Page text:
35. Rihanna, “Watch N’ Learn” (Talk That Talk, 2011)
Education is important, and only a fool would disregard Prof. Fenty when class is in session. “Just because [she] can’t kiss back, doesn’t mean you can’t kiss that”: Assuming the person on the receiving end of those instructions hasn’t expired from the shock of the invitation, it’s a great lesson plan. Take it to heart, ladies and gentleman. — R.S.
34. P!nk feat. Indigo Girls, “Dear Mr. President” (I’m Not Dead, 2006)
P!nk recruited the Indigo Girls for this heart-rending open letter to then-President George W. Bush, which took the Commander in Chief to task on issues like LGBTQ rights, the No Child Left Behind Act and homelessness. When asked if she would update the song for the Trump era, she tweeted a scalding response: “There aren’t words for this shameful person.”– P.C.
33. Aaliyah, “Loose Rap” (Aaliyah, 2001)
Saying Aaliyah came into her own with her third album would erroneously imply she was ever anywhere else; still, if the preternatural assuredness of her self-titled album didn’t stun relative to the rest of her catalog, it certainly did compared to turn-of-the-millennium R&B at large. In an era where scrubs were getting it from all corners, Aaliyah highlight “Loose Rap” brushed off false male bravado without so much as a hair flip, Babygirl commenting “You could come better than that” out of an empathetic desire not so much to keep her own night hassle-free, but to save you from embarrassing yourself for once. — A.U.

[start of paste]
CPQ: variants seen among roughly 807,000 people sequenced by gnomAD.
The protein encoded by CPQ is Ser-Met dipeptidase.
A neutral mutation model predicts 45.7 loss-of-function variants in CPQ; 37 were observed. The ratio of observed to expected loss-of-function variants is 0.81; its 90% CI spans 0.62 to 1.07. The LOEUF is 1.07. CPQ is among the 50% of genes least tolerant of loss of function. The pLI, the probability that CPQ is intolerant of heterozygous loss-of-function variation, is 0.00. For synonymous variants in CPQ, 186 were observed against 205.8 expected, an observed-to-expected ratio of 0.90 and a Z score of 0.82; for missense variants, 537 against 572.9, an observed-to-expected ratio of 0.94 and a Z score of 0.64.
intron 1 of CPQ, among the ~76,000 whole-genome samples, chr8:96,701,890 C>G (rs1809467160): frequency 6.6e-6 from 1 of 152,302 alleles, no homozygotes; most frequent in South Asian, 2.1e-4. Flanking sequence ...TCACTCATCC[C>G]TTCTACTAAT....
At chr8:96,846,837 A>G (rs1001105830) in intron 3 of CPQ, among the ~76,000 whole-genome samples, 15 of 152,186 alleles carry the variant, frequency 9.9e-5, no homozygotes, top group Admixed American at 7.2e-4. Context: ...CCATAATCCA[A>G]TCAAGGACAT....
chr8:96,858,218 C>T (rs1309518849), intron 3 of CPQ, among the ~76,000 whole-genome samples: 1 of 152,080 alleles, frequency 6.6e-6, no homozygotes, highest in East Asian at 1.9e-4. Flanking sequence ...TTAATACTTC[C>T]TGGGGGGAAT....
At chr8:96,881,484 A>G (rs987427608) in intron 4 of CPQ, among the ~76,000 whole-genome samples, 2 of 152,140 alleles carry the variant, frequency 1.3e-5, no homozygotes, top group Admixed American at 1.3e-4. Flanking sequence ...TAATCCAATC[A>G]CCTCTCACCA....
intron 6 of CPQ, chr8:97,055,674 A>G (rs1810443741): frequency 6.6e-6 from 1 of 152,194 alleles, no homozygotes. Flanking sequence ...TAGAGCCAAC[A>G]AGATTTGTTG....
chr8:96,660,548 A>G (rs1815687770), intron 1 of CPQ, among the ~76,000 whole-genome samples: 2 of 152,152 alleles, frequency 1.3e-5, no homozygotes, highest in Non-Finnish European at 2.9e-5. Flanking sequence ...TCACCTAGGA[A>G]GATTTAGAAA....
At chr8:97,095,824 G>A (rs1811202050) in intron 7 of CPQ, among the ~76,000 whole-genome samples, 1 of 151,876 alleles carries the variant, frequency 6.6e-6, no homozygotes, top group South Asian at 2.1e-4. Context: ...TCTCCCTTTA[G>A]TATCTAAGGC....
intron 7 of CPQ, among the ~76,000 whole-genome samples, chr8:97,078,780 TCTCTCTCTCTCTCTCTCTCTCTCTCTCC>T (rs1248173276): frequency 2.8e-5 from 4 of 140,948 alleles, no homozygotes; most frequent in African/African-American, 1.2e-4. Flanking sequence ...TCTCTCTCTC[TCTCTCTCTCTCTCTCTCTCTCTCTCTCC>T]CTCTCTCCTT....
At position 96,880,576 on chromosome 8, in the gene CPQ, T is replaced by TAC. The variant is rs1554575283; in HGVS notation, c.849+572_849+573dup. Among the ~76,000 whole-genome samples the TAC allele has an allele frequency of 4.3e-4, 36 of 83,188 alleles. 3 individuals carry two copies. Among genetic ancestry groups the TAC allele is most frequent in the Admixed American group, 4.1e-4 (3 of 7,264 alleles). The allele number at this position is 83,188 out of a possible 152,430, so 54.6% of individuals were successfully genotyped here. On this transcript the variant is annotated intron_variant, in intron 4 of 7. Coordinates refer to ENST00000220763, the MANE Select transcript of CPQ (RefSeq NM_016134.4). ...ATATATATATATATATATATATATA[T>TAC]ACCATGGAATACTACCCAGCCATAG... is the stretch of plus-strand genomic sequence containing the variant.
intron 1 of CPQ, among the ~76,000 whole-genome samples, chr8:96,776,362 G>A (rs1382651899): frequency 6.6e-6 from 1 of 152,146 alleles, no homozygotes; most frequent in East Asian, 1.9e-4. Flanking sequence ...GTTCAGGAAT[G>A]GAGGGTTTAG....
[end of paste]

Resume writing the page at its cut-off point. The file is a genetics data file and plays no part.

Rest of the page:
32. The Weeknd, “Tell Your Friends” (Beauty Behind the Madness, 2015)
“Last year I did all the politicin’/ This year I’m all focused on the vision.” We forget how unlikely it was just a short few years ago that the artist born Abel Tesfaye would reinvent himself on the fly as an R-rated Michael Jackson. Here, over a syrupy soul sample that somehow co-producer Kanye hadn’t gotten to before, he explains how, and enlists us to street team on his behalf. Not totally done with the politicin’, by the way, otherwise he wouldn’t still be summing up his platform so memorably: “I’m that n—a with the hair, singin’ ’bout popping bills, fucking bitches, living life so trill…” — A.U.
31. Nicki Minaj feat. Ariana Grande, “Get on Your Knees” (The Pinkprint, 2014)